Rod Dreher

In a combox thread below, I mentioned that my priest yesterday said in his homily that one of these days, a general persecution of Christians is coming; his point was, more or less, to ask if they start putting people on trial for being Christian, will there be enough evidence to convict any of us? A very good question. A year or two ago, I posted on my old blog a reflection on clergy sexual scandals in the Catholic and Orthodox churches, in which I cautioned that the rotten behavior of (we) Christians could have a catastrophic society-wide effect if we destroy by scandal the power of our witness to the culture. In that blog, I recalled the words of Father Arseny, a Russian Orthodox priest thrown into the gulag by the Bolsheviks. He was drawn into an argument among the prisoners about who was responsible for the catastrophe of communist rule. He responded:

“You say that the Communists have arrested the believers, closed churches, trampled on faith. Yes, it does look that way, on the surface, but let us look into this more deeply, let us glance at the past. Among us Russian people many have lost the faith, lost respect for our past, we lost much of what was precious and good. Who is at fault? The authorities? No, we are at fault ourselves, we are only reaping what we ourselves have sown.
“Let us remember the bad examples set by the intelligentsia, the nobility, the merchants, and the civil servants. We in the priesthood were the worst of them all.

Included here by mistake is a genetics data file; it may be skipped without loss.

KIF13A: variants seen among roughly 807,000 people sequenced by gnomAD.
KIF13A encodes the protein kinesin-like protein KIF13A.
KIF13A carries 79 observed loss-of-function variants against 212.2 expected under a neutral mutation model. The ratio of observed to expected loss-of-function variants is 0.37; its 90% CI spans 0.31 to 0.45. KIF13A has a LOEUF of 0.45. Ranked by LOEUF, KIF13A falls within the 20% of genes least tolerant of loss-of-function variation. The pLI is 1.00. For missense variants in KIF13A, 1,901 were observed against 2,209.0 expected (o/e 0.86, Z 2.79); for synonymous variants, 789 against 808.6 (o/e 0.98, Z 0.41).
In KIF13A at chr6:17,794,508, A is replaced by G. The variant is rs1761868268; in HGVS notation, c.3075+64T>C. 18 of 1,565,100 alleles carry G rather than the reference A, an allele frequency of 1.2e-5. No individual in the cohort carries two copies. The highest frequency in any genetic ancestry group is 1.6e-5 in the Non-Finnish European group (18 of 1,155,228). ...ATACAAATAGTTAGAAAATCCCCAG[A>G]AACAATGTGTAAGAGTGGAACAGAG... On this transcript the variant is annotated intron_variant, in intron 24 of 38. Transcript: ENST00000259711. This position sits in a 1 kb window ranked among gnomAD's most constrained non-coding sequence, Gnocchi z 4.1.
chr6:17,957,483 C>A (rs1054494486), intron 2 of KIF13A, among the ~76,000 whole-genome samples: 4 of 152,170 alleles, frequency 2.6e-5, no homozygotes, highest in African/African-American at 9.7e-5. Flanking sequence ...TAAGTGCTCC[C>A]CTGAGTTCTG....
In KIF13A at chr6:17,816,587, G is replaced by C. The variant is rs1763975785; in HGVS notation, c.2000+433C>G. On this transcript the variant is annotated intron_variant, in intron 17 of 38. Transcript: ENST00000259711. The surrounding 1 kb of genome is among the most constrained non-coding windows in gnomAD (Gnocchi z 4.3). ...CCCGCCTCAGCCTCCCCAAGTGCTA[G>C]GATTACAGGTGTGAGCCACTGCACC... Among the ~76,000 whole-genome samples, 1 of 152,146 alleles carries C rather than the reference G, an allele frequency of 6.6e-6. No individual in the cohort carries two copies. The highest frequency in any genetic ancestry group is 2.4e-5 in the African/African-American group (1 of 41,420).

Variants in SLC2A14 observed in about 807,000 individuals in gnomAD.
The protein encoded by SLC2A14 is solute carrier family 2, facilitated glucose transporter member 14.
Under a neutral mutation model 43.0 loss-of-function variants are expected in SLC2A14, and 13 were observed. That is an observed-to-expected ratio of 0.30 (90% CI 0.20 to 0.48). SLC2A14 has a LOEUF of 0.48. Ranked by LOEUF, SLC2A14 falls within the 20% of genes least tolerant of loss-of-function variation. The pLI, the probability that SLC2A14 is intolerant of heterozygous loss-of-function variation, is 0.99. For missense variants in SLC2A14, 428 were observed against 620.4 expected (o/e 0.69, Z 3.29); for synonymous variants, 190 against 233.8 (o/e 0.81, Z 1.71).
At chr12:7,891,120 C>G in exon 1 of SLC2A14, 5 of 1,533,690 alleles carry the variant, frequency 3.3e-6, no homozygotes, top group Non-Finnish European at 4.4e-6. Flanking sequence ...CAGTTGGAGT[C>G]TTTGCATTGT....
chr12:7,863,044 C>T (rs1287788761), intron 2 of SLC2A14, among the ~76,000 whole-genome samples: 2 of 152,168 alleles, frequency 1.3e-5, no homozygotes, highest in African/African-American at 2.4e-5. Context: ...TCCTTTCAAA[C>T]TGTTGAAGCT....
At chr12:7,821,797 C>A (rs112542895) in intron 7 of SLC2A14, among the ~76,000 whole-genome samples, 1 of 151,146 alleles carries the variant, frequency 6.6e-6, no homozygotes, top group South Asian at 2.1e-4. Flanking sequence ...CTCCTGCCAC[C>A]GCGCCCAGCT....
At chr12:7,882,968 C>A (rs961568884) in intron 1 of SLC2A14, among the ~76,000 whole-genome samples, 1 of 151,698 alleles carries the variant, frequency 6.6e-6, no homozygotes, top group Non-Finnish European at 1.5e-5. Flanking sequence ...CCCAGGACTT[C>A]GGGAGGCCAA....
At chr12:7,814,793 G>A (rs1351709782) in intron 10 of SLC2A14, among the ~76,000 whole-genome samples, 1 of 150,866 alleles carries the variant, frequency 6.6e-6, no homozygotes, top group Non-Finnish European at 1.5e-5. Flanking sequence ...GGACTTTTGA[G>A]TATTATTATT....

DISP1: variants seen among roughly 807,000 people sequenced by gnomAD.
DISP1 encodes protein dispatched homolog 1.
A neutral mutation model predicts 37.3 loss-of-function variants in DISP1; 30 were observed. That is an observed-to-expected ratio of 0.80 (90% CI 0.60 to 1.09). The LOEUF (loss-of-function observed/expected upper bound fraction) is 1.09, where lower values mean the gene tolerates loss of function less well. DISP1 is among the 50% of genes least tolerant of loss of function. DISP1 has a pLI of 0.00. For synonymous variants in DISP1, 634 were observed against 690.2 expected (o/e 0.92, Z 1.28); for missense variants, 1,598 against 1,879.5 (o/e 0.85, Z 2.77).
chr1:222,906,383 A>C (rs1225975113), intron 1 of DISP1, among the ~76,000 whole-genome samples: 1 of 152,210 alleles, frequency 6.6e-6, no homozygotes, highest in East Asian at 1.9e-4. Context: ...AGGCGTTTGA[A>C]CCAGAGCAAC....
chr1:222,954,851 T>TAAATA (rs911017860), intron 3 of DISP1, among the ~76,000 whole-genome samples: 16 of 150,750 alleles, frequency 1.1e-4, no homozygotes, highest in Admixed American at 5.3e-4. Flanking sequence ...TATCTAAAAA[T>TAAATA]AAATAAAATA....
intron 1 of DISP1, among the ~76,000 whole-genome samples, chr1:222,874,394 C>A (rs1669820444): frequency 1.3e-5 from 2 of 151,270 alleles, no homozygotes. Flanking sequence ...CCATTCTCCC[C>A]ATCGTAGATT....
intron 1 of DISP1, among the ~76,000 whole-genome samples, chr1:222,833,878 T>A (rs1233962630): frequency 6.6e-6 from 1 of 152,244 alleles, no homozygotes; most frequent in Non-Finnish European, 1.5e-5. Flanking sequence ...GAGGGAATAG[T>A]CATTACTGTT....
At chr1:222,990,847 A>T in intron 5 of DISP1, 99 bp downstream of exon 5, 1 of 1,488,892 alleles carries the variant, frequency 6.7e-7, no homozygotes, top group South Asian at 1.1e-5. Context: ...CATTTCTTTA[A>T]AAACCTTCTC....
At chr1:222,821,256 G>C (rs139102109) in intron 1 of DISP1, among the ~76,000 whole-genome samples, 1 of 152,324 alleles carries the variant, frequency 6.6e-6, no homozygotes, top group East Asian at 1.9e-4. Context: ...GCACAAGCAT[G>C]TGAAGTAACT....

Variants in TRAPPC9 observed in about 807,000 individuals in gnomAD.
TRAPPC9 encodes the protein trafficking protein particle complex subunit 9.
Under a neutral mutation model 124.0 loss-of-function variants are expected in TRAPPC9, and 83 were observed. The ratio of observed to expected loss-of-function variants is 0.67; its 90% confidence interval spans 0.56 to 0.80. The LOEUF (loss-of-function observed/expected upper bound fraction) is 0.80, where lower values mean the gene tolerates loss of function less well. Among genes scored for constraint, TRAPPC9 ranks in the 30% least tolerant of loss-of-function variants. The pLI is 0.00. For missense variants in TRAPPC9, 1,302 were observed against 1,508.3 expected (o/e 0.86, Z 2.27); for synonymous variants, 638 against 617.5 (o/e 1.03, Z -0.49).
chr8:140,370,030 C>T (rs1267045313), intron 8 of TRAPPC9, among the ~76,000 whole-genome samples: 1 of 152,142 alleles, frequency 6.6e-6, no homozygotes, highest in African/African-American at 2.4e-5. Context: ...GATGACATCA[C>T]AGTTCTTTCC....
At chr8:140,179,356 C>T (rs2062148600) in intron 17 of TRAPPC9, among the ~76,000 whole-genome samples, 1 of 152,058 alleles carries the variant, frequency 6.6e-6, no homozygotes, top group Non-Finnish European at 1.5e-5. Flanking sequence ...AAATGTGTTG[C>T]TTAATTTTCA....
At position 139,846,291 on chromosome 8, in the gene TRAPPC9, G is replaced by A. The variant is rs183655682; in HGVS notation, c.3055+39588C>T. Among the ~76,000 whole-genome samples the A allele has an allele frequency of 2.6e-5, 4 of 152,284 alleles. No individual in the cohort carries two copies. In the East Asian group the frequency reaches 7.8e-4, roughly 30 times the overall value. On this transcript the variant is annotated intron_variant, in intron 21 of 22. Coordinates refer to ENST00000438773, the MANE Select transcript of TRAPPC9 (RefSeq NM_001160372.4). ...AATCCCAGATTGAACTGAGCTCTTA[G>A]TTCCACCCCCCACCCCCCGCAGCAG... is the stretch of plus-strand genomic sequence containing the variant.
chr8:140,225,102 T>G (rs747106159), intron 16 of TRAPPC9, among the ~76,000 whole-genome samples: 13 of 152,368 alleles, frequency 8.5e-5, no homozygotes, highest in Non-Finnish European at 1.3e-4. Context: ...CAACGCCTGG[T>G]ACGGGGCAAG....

“Children of priests became atheists, and revolutionaries, simply because they had seen in their families lies and a lack of true faith. Long before the revolution priests had already lost the real right to be the shepherds of their people, of their conscience. Priesthood became a profession. Many priests were atheists and alcoholics.
“From among all the monasteries of our land, only five or six were real beacons of Christianity. … Others became communities with almost no faith in them. What could the people learn from such monasteries? What kind of example was set?
“We did not raise our people right, we did not give them the basis of strong faith. Remember all this! Remember! This is why the people were so quick to forget all of us, their own priests; they mainly forgot their faith and participated in the destruction of churches, sometimes even leading the way in their destruction.
“Understanding all of this, I cannot point a finger at our authorities, because the seeds of faithlessness fell on the soil which we ourselves had prepared. And from there comes the rest: our camp, our sufferings, the wrongful deaths of innocent people. …”

…”the seeds of faithlessness fell on the soil which we ourselves had prepared.” These chastening words of an innocent priest victim of communist persecution should cause all of us Christians — clergy and laity alike — to reflect on our own responsibilities in the here and now.

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